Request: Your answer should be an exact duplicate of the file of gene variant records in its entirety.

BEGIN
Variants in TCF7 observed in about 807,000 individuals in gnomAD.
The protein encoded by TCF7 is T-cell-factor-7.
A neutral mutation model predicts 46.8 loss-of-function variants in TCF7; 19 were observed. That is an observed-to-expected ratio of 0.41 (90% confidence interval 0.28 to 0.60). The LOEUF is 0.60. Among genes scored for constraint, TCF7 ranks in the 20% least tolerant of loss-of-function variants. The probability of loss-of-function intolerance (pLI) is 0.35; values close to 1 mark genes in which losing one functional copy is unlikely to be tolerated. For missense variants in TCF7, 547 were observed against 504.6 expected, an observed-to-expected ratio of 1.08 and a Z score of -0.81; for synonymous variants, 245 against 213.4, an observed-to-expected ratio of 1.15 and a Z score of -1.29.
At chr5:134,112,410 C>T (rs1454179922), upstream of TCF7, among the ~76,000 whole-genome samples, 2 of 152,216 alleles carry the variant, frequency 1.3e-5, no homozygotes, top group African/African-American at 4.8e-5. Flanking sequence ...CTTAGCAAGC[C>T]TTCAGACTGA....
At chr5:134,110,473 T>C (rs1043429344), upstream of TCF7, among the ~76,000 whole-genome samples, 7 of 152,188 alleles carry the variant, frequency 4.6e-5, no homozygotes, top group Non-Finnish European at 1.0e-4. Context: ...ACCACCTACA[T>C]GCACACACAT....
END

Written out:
Variants in TCF7 observed in about 807,000 individuals in gnomAD.
The protein encoded by TCF7 is T-cell-factor-7.
A neutral mutation model predicts 46.8 loss-of-function variants in TCF7; 19 were observed. That is an observed-to-expected ratio of 0.41 (90% confidence interval 0.28 to 0.60). The LOEUF is 0.60. Among genes scored for constraint, TCF7 ranks in the 20% least tolerant of loss-of-function variants. The probability of loss-of-function intolerance (pLI) is 0.35; values close to 1 mark genes in which losing one functional copy is unlikely to be tolerated. For missense variants in TCF7, 547 were observed against 504.6 expected, an observed-to-expected ratio of 1.08 and a Z score of -0.81; for synonymous variants, 245 against 213.4, an observed-to-expected ratio of 1.15 and a Z score of -1.29.
At chr5:134,112,410 C>T (rs1454179922), upstream of TCF7, among the ~76,000 whole-genome samples, 2 of 152,216 alleles carry the variant, frequency 1.3e-5, no homozygotes, top group African/African-American at 4.8e-5. Flanking sequence ...CTTAGCAAGC[C>T]TTCAGACTGA....
At chr5:134,110,473 T>C (rs1043429344), upstream of TCF7, among the ~76,000 whole-genome samples, 7 of 152,188 alleles carry the variant, frequency 4.6e-5, no homozygotes, top group Non-Finnish European at 1.0e-4. Context: ...ACCACCTACA[T>C]GCACACACAT....